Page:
How does #iGiveCatholic work? Donors will visit iGiveCatholic.org, the online platform and search for their participating parishes, schools, ministries, and not-for-profit organizations. From November 10-26, donors can schedule gifts to their favorite ministry. Donors can also donate on the actual giving day. Leaderboards on the website will keep track of donations to each organization. The minimum donation is $25.00 and there is no maximum.
Parish, school, or not-for-profit organization representatives have a little time left to sign up for the effort. All it requires is a training session and some enthusiasm. Contact Christopher Luke at 601-960-8481 or email at firstname.lastname@example.org to get details.
(Editor’s note: October is Domestic Violence Awareness Month. Catholic Charities has offered a way out for those in abusive situations for decades through counseling, advocacy and a shelter for women and children hoping to break the cycle of abuse. Bishop Joseph Kopacz recently announced that the shelter will soon have a new home. The bishop submitted the following reflection to area publications describing the new operation and inviting the community to step in and help.)
We at Catholic Charities are excited to know that in the near future the goal of a new domestic violence shelter will be realized in the city of Jackson. Early 2018, a newly renovated building will be providing a safe haven for adults and children suffering from the trauma of domestic violence and human trafficking.
Catholic Charities has provided this critical service since the 1980s and very soon we will be able to do so in a building specifically designed to serve this vulnerable population. It is challenging enough for an adult to leave a destructive relationship, but it is daunting to do so with children and youth who may or may not understand the gravity of the situation.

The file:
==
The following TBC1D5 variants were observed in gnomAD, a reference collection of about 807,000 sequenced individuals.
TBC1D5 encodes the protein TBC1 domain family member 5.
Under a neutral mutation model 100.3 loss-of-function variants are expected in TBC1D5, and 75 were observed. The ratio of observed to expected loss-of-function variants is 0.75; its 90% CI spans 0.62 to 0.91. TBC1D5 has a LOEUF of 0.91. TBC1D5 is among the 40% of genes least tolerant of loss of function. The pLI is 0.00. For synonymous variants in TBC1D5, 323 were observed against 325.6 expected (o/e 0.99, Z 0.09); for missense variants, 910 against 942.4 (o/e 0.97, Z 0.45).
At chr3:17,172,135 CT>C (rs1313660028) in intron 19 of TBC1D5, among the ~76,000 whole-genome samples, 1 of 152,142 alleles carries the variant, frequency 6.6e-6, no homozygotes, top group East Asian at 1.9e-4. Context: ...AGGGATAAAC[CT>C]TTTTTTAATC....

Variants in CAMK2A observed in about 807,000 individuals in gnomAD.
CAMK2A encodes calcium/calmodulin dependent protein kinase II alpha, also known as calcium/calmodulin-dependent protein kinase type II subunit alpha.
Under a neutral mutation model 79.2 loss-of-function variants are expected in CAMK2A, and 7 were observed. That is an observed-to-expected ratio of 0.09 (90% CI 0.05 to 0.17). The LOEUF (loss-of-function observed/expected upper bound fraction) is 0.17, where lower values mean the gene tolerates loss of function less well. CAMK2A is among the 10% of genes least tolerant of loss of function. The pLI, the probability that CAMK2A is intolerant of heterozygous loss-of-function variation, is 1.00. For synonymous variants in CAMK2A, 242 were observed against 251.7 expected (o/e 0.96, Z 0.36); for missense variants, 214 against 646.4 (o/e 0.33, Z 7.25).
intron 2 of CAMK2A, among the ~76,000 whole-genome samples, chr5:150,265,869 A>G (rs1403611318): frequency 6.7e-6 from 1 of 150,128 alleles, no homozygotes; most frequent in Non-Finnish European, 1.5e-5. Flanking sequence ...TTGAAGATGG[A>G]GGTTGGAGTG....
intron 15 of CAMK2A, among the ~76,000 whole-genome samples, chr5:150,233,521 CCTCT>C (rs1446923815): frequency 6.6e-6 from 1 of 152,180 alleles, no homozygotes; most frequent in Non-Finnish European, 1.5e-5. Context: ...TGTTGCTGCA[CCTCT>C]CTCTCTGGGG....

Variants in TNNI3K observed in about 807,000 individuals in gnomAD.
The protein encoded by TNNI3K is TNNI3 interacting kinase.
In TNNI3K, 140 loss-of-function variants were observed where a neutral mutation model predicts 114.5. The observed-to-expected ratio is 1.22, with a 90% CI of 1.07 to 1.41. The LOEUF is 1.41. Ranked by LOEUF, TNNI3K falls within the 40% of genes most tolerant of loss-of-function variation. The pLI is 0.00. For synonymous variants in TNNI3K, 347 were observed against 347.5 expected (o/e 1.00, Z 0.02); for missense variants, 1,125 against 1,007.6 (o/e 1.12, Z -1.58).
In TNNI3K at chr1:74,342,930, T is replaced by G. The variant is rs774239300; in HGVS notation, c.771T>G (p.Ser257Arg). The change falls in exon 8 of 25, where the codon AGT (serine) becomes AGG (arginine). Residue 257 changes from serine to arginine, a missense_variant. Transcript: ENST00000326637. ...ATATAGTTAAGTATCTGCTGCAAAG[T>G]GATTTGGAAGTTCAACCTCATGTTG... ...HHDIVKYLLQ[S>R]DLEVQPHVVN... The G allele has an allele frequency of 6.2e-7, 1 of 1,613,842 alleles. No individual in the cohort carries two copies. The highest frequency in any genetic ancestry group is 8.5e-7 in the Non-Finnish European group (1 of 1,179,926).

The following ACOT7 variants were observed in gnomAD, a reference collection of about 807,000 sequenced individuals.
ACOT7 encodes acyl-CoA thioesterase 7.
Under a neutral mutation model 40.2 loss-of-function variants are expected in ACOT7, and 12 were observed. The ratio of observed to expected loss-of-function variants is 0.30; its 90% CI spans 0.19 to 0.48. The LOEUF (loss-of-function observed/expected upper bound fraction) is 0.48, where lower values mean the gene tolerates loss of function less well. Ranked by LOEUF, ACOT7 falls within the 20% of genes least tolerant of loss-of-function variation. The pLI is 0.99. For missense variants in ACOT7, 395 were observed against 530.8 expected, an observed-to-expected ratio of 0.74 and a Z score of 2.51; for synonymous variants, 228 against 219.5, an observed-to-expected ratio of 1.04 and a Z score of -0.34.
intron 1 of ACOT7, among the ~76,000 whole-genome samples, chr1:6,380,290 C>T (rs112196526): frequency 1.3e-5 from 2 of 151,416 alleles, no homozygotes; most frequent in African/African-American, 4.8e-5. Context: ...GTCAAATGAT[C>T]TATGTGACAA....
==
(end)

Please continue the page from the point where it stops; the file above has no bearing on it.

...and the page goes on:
Our new shelter will be able to serve the children at each developmental stage while their parent or caregiver receives the support to begin again. We are so grateful for our dedicated staff at Catholic Charities who accompany our brothers and sisters, as well as for our benefactors whose generosity allows us to further our mission to serve and empower. Together we are a visible sign of Christ’s love.
The facility will be divided into three main functions: the housing area, a childcare center and offices for the administrative staff. The shelter will include eight bedrooms beautifully designed to meet the individual needs of the family. Staff members will be housed on-site to assist victims 24-hours a day. Other amenities will include a therapeutic group and counseling area, a suite of offices to assist victims, a family room, dining area and bathing facilities. The shelter will be confidentially located and will serve Copiah, Hinds, Rankin, Madison, Issaquena, Sharkey, Simpson, Yazoo and Warren counties.